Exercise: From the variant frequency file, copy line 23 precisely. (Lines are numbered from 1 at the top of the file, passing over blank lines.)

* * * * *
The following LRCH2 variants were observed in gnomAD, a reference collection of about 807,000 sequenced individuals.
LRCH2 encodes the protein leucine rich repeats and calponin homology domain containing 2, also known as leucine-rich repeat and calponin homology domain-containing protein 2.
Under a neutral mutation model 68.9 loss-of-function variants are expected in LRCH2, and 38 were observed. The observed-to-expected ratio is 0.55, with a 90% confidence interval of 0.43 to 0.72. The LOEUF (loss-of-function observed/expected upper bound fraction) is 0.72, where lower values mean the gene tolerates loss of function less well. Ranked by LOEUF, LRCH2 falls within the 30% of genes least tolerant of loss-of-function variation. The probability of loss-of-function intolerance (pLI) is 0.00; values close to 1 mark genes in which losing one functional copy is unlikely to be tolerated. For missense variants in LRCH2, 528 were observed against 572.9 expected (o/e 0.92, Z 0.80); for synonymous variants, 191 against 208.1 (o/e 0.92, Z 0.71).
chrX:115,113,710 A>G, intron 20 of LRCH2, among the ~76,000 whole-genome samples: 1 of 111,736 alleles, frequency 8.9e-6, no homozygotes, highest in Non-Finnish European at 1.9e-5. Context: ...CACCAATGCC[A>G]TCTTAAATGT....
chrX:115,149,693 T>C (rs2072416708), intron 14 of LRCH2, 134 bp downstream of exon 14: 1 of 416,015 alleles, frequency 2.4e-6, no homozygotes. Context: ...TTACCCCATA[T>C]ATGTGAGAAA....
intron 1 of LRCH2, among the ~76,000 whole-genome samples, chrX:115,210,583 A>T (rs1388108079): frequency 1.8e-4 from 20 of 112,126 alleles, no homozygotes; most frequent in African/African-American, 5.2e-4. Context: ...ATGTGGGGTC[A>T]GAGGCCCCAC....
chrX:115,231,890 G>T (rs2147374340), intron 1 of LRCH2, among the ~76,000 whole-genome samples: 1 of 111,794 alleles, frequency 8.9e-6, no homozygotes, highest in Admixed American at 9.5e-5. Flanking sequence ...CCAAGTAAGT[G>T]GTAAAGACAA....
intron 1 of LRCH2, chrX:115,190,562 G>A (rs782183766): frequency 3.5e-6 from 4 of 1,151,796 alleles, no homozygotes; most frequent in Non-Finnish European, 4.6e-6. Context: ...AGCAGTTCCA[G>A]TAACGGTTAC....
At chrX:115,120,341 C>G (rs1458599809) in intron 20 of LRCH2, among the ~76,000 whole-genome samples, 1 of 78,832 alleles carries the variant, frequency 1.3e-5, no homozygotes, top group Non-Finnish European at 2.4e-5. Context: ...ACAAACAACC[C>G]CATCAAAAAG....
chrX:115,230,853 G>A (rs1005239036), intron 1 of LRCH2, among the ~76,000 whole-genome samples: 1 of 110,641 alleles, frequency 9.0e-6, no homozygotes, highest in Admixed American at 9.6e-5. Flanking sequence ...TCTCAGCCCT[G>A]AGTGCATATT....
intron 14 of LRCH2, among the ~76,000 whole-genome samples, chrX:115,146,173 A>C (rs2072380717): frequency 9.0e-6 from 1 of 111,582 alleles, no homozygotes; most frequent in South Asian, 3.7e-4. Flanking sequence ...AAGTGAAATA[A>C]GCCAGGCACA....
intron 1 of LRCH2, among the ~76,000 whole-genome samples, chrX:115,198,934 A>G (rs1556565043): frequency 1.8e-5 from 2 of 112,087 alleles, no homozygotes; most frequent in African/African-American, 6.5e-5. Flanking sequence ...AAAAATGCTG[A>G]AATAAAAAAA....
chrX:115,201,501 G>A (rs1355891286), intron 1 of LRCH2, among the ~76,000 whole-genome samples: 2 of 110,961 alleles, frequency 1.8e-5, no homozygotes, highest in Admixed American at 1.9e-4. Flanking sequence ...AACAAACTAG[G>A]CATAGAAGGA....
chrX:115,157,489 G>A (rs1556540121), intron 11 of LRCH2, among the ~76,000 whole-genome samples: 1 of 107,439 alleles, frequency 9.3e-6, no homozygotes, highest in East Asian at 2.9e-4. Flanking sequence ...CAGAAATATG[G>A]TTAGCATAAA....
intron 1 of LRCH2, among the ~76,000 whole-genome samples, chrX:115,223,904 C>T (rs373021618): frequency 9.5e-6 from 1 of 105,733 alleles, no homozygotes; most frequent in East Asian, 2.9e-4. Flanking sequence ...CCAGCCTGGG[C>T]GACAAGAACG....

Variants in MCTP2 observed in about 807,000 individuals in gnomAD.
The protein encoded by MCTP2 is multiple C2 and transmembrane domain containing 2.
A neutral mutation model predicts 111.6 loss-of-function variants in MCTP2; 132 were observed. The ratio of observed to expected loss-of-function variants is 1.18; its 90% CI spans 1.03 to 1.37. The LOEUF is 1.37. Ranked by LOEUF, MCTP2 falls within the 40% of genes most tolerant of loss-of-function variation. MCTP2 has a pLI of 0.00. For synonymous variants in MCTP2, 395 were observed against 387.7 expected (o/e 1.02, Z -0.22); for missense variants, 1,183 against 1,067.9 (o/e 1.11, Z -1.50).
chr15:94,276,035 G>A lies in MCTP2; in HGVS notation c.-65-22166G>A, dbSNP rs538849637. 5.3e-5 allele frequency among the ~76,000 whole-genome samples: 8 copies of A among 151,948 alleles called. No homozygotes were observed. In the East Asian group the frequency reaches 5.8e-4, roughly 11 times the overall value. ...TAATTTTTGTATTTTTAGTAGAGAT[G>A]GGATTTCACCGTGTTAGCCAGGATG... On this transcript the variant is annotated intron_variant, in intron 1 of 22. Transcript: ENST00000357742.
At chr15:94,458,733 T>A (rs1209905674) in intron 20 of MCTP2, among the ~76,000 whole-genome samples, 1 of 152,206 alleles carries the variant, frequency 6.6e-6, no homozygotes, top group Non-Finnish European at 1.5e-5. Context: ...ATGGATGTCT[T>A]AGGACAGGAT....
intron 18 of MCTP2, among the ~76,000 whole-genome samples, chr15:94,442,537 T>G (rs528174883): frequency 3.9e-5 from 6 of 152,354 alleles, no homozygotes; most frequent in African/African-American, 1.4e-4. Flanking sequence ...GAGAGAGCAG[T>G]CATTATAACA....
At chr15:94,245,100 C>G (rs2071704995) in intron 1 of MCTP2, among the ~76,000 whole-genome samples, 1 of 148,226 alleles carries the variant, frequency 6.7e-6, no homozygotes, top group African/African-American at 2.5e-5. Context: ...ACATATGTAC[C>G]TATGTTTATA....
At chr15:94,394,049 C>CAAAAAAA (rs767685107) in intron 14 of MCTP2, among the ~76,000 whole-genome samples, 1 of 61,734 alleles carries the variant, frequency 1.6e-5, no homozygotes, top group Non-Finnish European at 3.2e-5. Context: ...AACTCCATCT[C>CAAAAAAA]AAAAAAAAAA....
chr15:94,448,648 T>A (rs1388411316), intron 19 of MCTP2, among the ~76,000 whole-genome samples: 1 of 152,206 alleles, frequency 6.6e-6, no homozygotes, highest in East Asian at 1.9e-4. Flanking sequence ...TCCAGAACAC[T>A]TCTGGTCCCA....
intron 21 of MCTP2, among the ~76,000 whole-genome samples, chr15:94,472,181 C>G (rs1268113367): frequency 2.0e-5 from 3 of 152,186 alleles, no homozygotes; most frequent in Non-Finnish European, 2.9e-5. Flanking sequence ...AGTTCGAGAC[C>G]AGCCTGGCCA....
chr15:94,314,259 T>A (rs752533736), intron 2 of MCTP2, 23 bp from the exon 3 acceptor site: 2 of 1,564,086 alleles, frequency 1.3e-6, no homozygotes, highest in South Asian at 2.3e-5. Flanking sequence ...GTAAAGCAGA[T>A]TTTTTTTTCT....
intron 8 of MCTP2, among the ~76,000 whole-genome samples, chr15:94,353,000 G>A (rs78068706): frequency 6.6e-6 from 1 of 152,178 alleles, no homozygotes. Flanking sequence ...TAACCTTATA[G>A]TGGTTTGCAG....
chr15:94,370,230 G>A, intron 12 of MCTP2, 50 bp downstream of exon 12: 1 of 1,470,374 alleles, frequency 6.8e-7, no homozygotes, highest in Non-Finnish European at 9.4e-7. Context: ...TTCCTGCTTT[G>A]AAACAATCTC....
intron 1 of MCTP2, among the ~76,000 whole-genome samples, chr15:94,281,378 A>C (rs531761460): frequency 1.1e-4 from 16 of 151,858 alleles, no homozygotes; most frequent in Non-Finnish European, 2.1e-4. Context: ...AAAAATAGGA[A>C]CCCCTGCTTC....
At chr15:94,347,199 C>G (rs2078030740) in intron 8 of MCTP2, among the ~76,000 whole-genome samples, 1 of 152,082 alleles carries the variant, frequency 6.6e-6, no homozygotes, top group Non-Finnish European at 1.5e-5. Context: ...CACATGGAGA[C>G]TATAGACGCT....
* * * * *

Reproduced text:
At chr15:94,394,049 C>CAAAAAAA (rs767685107) in intron 14 of MCTP2, among the ~76,000 whole-genome samples, 1 of 61,734 alleles carries the variant, frequency 1.6e-5, no homozygotes, top group Non-Finnish European at 3.2e-5. Context: ...AACTCCATCT[C>CAAAAAAA]AAAAAAAAAA....